Most employees aren’t comfortable yet – in the office or at home. Among the newest stressors: vaccine worries.
Fortunately, HR can – and will want to – help ease their worries, especially since safety is nearly always on their minds.
“When we don’t feel physically safe, we can’t think. If we can’t think, we won’t be able to be very productive at work,” says Alla Weinberg, a workplace relationship expert and author of Culture of Safety: Building an environment for people to think, collaborate, and innovate. “It’s the survival instinct, our brain checks are we physically safe – yes or no.”
Add vaccine worries – Should I get it? Did everyone else get it? Will it make me sick? How can I get it for my elderly parents? Do my kids’ teachers have it? – and employees are stressed even more.
While HR can’t ease all of their worries, you can help alleviate them – and reduce vaccine hesitancy.
Harvard Business School researchers suggest these strategies to lessen vaccine worries and help employees make the best decisions when it comes to getting the vaccine:
Share stories over statistics
Employees will get – and believe – all the vaccination statistics they want from media sources.
Statistics, scales and pie charts aren’t as effective as personal stories of real loss. You might offer employees a platform to share stories of loss or illness. That might encourage others to get vaccinated.
Of course, give employees the choice to share and read the stories. The outlet can help employees who’ve been affected firsthand heal.
Most companies won’t mandate employees get the vaccine. But most strongly recommend it for employees who work on-site.
In your recommendations, emphasize the primary vaccination benefits to ease worries: Employees will avoid getting sick and spreading the virus to family, friends and colleagues. You might mention other benefits such as people could need to be vaccinated to travel internationally or attend large events.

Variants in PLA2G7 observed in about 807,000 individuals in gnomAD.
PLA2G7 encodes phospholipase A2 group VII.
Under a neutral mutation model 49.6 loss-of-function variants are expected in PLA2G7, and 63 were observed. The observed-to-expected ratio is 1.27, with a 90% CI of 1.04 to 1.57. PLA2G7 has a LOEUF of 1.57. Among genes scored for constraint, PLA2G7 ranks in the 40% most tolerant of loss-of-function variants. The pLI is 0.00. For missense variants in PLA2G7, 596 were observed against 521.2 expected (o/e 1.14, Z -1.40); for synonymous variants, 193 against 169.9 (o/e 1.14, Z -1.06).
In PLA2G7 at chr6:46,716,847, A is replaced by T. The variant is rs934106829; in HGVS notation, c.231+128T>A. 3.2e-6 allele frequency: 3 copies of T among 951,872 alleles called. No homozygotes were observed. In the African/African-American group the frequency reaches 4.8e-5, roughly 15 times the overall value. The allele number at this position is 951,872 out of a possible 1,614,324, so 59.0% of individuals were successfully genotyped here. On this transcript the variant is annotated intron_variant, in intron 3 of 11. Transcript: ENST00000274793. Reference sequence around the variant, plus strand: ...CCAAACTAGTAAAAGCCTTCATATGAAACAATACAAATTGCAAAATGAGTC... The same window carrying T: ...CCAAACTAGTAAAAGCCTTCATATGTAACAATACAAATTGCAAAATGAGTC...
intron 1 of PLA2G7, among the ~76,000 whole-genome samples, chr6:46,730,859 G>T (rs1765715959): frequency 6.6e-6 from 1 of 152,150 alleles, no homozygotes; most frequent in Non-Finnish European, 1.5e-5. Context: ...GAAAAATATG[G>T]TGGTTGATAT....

Focus on here and now
People tend to value immediate benefits. And after a year of isolation and shutdowns, the end to the pandemic and restart to normal life is one big benefit.
So focus on vaccination short-term benefits – such as returning to activities and events they love. But continue to emphasize the focus on safety in the workplace such as mask wearing and social distancing.
Make vaccination easier
Many employers offer employees time off to get the vaccine. Some employers plan to bring vaccination clinics on site.
You’ll want to give employees time to get the vaccine. Also allow extra time off if any employees suffer ill effects from the vaccination.
Do all you can to make sure employees don’t incur any financial loss getting a vaccine – from having to pay for it or losing work time.
Avoid overloading employees with COVID-19 vaccination information. When people have too many choices and too much detail, they often get overwhelmed and make no choice at all.
Give them details on why, how and where they can get vaccinated. That should make it the easy choice.